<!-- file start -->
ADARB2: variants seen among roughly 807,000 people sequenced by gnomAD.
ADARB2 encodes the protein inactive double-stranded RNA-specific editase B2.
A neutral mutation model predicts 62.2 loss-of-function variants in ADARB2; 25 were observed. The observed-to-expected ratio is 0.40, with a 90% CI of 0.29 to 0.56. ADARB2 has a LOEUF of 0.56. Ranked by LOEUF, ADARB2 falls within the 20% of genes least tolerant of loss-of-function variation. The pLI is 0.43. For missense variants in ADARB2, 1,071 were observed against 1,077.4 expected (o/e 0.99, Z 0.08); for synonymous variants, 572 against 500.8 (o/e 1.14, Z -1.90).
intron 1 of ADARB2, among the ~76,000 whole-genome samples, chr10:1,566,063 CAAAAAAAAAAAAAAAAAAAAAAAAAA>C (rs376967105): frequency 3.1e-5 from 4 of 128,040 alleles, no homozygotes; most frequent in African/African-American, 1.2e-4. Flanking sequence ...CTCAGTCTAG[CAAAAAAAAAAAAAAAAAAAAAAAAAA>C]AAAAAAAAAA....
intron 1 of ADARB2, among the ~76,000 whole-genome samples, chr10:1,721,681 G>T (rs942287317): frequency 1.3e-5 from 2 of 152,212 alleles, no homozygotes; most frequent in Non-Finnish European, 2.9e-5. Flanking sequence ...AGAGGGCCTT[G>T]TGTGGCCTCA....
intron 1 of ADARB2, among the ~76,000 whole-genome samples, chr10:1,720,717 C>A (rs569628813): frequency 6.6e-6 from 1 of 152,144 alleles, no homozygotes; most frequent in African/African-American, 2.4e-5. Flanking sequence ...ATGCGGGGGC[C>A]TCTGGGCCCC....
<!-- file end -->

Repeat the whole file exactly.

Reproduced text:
ADARB2: variants seen among roughly 807,000 people sequenced by gnomAD.
ADARB2 encodes the protein inactive double-stranded RNA-specific editase B2.
A neutral mutation model predicts 62.2 loss-of-function variants in ADARB2; 25 were observed. The observed-to-expected ratio is 0.40, with a 90% CI of 0.29 to 0.56. ADARB2 has a LOEUF of 0.56. Ranked by LOEUF, ADARB2 falls within the 20% of genes least tolerant of loss-of-function variation. The pLI is 0.43. For missense variants in ADARB2, 1,071 were observed against 1,077.4 expected (o/e 0.99, Z 0.08); for synonymous variants, 572 against 500.8 (o/e 1.14, Z -1.90).
intron 1 of ADARB2, among the ~76,000 whole-genome samples, chr10:1,566,063 CAAAAAAAAAAAAAAAAAAAAAAAAAA>C (rs376967105): frequency 3.1e-5 from 4 of 128,040 alleles, no homozygotes; most frequent in African/African-American, 1.2e-4. Flanking sequence ...CTCAGTCTAG[CAAAAAAAAAAAAAAAAAAAAAAAAAA>C]AAAAAAAAAA....
intron 1 of ADARB2, among the ~76,000 whole-genome samples, chr10:1,721,681 G>T (rs942287317): frequency 1.3e-5 from 2 of 152,212 alleles, no homozygotes; most frequent in Non-Finnish European, 2.9e-5. Flanking sequence ...AGAGGGCCTT[G>T]TGTGGCCTCA....
intron 1 of ADARB2, among the ~76,000 whole-genome samples, chr10:1,720,717 C>A (rs569628813): frequency 6.6e-6 from 1 of 152,144 alleles, no homozygotes; most frequent in African/African-American, 2.4e-5. Flanking sequence ...ATGCGGGGGC[C>A]TCTGGGCCCC....